Experience the Living Networks in New York!

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Since I wrote Living Networks, I’ve dreamed of creating an event that would literally bring the book to life, to allow people to experience personally the power of the networks and the implications for business. The first of what I hope will be a whole series of events – the BDI Living Networks Forum – will be held in New York City on December 4th, 2003. I have the perfect partner for this – the Business Development Institute, which combines a fantastic network of network-minded individuals and organizations with innovative business development services.

In the agenda you’ll see that the event is focused on creating interaction and what I call “enhanced serendipity” between participants. Using Spoke Software we will show participants their “relationship path strength” with all other attendees, and with any other individual, who they know in common. Litéra collaboration software will be used as a platform for showing participants how to implement collaboration effectively in and across organizations.

We have some great supporters, and there’ll be some awesome people along. Nothing like this has been done before, so I’ll let you know some of what we learn at the event. Or of course would be fantastic to meet you there!

I believe that events that use emerging social network technologies and effective design of participant interaction will over time become the norm. Hopefully “talking-head” conferences will die a natural death very soon. Events that apply living networks ideas will create immense value in bringing the right people together to create and share knowlege, ideas, and relationships. Be there at the birth of something big!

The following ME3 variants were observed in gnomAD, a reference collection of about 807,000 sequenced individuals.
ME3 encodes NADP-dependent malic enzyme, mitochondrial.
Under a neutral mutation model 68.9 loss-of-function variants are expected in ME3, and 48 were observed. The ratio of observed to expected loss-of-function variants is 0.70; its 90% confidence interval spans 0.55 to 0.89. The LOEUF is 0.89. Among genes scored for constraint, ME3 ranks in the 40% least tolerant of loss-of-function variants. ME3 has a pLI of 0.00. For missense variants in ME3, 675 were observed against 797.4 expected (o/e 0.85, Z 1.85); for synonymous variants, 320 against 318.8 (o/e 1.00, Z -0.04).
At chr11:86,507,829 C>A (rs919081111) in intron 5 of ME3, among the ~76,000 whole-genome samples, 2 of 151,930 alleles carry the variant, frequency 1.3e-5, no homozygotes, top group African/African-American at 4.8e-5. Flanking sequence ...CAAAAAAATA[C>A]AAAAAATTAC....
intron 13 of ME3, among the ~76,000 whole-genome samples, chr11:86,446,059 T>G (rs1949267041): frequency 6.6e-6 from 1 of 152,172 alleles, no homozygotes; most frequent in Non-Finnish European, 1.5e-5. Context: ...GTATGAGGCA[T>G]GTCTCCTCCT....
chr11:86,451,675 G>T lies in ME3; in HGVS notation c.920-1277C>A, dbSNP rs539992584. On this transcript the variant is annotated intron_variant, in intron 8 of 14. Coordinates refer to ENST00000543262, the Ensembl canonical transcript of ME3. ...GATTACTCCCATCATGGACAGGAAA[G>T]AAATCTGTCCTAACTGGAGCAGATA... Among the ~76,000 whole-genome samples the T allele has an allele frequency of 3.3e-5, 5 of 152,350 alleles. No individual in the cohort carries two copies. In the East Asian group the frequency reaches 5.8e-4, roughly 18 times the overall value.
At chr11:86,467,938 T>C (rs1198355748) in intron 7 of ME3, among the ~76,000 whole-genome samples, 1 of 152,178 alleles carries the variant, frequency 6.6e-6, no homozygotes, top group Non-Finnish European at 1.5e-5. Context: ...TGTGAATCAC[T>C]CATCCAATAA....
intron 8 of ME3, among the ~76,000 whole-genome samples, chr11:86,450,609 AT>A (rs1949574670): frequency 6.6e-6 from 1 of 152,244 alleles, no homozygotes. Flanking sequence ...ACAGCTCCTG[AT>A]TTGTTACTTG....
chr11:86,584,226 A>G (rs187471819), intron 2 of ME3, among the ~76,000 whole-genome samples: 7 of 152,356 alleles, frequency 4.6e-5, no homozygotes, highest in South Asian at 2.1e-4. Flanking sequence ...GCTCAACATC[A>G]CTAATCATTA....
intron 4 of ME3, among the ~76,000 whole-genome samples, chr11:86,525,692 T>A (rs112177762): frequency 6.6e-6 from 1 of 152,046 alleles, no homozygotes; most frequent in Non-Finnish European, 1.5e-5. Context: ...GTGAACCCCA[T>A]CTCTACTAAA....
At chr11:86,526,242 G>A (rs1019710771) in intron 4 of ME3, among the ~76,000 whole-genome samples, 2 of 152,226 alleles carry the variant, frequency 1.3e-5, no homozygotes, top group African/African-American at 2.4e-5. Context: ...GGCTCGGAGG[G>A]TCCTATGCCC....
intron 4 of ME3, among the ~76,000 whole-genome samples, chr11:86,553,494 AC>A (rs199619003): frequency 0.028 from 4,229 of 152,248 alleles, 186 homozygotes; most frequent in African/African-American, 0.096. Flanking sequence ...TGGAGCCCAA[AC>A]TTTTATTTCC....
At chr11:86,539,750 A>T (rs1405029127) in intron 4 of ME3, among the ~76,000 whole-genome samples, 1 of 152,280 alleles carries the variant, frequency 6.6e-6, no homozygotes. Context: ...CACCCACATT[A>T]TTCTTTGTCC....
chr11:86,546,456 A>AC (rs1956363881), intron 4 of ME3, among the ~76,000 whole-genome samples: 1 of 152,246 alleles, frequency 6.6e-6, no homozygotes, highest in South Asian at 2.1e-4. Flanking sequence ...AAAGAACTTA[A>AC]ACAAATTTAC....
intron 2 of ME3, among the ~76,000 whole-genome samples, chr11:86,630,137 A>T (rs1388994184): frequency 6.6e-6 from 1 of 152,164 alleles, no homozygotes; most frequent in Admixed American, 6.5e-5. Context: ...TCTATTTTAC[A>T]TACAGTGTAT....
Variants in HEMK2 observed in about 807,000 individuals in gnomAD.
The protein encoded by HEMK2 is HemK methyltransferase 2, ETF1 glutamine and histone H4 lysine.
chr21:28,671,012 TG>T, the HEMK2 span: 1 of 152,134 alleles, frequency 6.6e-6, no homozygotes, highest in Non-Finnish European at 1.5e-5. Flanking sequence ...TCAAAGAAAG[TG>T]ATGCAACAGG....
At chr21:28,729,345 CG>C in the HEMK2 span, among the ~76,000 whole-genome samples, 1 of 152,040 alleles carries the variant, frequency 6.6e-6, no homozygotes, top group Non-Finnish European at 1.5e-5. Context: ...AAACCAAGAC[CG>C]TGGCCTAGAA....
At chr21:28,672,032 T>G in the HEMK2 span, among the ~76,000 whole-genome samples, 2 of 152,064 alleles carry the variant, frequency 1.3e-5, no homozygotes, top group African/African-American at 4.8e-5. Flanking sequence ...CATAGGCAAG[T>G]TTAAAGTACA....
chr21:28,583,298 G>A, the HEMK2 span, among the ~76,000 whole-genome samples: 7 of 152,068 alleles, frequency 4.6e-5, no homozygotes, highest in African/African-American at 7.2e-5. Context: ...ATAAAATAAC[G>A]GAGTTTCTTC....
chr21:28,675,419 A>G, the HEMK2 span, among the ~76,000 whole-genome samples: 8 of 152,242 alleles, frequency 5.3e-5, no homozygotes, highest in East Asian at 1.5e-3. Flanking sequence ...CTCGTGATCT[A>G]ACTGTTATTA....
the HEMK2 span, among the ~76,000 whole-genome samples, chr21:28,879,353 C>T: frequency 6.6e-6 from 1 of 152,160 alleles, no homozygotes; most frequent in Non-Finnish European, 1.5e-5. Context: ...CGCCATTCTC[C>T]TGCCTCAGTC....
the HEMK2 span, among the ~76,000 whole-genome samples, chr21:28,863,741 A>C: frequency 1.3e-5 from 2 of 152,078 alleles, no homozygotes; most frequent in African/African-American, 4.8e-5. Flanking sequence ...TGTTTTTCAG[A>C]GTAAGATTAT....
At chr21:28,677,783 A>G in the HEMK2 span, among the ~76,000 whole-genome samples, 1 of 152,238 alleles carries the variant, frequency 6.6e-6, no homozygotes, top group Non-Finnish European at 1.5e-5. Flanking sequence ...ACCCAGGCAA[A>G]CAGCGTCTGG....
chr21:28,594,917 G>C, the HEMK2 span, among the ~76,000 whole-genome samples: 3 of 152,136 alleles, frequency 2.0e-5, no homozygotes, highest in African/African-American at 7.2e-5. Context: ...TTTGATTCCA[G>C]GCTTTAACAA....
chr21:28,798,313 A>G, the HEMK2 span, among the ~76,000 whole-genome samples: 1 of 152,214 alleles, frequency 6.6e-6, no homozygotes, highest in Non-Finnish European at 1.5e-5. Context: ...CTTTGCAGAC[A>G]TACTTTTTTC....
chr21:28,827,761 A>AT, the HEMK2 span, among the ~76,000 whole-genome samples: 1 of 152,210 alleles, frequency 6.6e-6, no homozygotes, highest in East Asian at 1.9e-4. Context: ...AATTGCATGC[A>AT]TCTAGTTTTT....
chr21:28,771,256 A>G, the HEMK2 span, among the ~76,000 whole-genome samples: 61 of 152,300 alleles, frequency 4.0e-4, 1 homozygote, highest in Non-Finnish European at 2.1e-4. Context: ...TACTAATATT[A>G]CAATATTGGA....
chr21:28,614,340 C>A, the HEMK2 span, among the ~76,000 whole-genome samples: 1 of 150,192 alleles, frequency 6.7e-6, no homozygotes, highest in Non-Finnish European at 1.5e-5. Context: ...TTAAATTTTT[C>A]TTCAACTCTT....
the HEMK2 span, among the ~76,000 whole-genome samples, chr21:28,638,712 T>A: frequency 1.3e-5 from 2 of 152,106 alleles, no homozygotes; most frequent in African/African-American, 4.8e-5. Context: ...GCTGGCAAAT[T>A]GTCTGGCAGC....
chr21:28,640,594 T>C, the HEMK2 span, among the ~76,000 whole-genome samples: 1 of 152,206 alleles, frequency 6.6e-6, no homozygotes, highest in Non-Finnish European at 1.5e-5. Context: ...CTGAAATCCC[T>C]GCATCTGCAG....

Creating the infrastructure for the trusted networks

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I had lunch earlier this week with Stuart Henshall in San Francisco, and we had a delightful wide-ranging discussion on topics of common interest. We’ve known each other for a good few years through scenario planning, and have a similar vision for the future of personal online networks. Stuart focuses on—among many other very interesting issues including consumer rights—trust in building networks. His vision is of a world in which everyone has their profile online, and shares both their profile and their personal connections selectively with trusted contacts. Sixdegrees.com was the first major online player in this space. I intended to write about it in Living Networks, but it went the way of all things in January 2001. The current top players in this space are Ryze.com and ecademy. However effective trust systems are essential for these public online networks to work. In the first instance we need to be able to create layers around how much of the information about our personal contacts we want to share. Intermediating software can help, for example by identifying in a secure system the contacts we share. For example, Stuart and I estimated we would share 20-30 people in our email address books, but we don’t know who all of those people are. On the next level, if we can create software that enables people to draw on their personal contacts’ perception of others’ trustworthiness, this will enable us to more readily expand our own personal networks in useful ways. These kinds of systems can be implemented either in a global context, or inside or across organisations.